After expounding upon the merits of deadheading in a recent post, it occurs to me that I need to also present another side of the issue. Deadheading does produce more flowers overall, and does keep the plants and the gardens looking tidier and fresher, but there is one thing deadheading does not produce….SEEDS! Yes, if you deadhead every flower as it fades, then there will be no seeds. With many plants this is not a problem, because if they are hybrids, they won’t come true from seed anyway. If there are more than one variety of peppers, or tomatoes, or squash, or zinnias or daylilies blooming at the same time, they won’t come true to variety either, but will be cross-pollinated and produce seeds that produce mystery varieties. Often gardeners complain that after growing only one heirloom variety of tomato so they could save the seed, the harvest from those seeds the following year doesn’t resemble the original at all. If one has neighbors within a bee’s flying distance, who might be growing a different variety of tomato, then very likely the tomatoes will be cross-pollinated and create a mixed result. It’s not easy to save seed if you have near neighbors who grow similar crops, but not the exact same varieties.
So, I hear you asking….”What’s her point? Isn’t she still arguing for deadheading?” My response is “Yes, but….!” Overall, deadheading is the rule in my gardens, but with a few exceptions. The first plant that is not always deadheaded is the lovely nasturtium. I grow lots of nasturtiums in various shades of apricot, orange and yellow. They are just too gorgeous and reliable not to have in abundance in the potager. I love to stuff their blossoms with a cheese mixture for a colorful appetizer, or make confetti of the petals to sprinkle over canapes. (For recipes using nasturtiums, go to my website http://www.caroleesherbfarm.com and use the search feature.) The flowers make a wonderful, flavorful herbal vinegar, and the flowers and leaves can be added to salads. I do deadhead them periodically so they keep flowering all summer, but I skip a few plants so I can harvest these: Beautiful, crunchy, peppery nasturtium seeds that can be added to salads, marinades, stir fry, or pickled as a caper substitute. One of my favorite recipes is this chicken dish with potatoes and nasturtium seeds, a one-skillet wonder that is quick and easy. Simply heat a bit of olive oil in a cast iron (or other oven safe) skillet. Add 6 chicken legs or thighs that you’ve seasoned with salt and pepper, and brown on all sides. Preheat oven to 450 degrees while chicken browns. Make a sauce by combining 1/3 c. olive oil, 2 smashed cloves garlic; 2 T. lemon juice; 2 T. coarsely chopped fresh nasturtium seeds; 1/2 tsp. pepper; 1 tsp. salt. When chicken is browned, add 3-4 medium potatoes, cut into quarters. Pour the sauce over and place in oven for 30-40 min., until chicken is done. I wouldn’t want to be without nasturtium seeds, so various plants are rotated in the deadheading schedule. I also often dry extra seeds to plant next year, and also to use as a pepper substitute. Another plant that is allowed to produce seeds, and is also sometimes used as a pepper substitute is nigella. Once the flower disappears it is replaced by a striking purple-streaked pod that is filled with black seeds.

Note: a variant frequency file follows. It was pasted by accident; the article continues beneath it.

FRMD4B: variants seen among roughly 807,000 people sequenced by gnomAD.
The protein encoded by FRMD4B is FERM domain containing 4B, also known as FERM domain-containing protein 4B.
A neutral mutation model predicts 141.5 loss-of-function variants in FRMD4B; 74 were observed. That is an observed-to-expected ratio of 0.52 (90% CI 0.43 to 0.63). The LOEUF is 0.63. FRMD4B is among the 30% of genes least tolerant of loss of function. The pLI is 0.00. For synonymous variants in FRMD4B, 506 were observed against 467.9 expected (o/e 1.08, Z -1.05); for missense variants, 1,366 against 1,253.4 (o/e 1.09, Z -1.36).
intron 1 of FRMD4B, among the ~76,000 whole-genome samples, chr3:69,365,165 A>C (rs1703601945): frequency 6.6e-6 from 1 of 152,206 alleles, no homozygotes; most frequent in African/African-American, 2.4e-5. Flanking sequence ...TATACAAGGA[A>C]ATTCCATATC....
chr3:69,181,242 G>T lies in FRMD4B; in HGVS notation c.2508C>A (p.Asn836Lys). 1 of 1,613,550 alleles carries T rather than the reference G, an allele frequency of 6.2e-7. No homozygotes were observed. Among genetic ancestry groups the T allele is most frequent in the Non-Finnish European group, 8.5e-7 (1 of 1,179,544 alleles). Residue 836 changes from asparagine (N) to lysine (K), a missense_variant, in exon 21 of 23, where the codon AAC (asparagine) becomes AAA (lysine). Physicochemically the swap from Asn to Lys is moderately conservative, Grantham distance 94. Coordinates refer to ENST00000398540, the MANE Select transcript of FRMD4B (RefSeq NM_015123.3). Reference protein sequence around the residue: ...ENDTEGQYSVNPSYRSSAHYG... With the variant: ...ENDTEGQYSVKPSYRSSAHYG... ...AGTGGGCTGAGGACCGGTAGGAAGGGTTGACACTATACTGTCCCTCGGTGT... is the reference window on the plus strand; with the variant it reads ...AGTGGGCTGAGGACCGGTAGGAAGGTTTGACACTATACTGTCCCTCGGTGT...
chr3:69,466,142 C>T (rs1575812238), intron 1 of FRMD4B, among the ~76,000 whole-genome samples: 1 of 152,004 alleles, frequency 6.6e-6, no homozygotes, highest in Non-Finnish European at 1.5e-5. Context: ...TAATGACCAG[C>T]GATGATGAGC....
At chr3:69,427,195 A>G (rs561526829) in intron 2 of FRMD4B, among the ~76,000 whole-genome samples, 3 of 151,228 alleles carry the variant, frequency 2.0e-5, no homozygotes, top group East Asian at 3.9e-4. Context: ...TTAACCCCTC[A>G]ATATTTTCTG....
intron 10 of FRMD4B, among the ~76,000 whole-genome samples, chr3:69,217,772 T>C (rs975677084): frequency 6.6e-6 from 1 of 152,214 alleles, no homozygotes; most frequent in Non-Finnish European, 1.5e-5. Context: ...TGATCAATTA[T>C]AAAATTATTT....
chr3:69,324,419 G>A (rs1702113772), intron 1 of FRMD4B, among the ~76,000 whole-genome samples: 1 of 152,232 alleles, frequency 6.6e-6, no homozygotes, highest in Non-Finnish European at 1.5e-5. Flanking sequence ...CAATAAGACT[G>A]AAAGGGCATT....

They are welcome to self-seed throughout the potager interior borders, but I always harvest some of the seeds for culinary purposes, and I like the dried pods for winter floral arrangements. Poppies are also allowed to self-seed in the potager borders, as are dill, calendula, borage, and cilantro because any surplus can easily be removed. I do deadhead all the violas, which are great self-seeders because I’ve found that the orange ones I want for my edges rarely come back orange, and if I allow them to self-seed then my paths are filled with seedlings that must be removed. I deadhead chives and garlic chives for the same reason.
In the flower gardens, deadheading is generally the rule until a few weeks before frost. Then, the last blooms of cleome are allowed to set and drop seed. I only grow the pristine white “Helen Campbell” variety, so I don’t have to worry about cross-pollinating, and none of my neighbors grow it. The tall verbena on a stick can also self seed because it seems to always come true. Because I use a fairly narrow color palette and prefer specific varieties, I’d rather start the other annuals each season with fresh seed, rather than risk ending up with a lot of muddy pinks or magentas. However, if you want self-seeding annuals like larkspur and bachelor buttons, don’t deadhead all the flowers, but allow some to make seed. And that, I hope, is the end of that!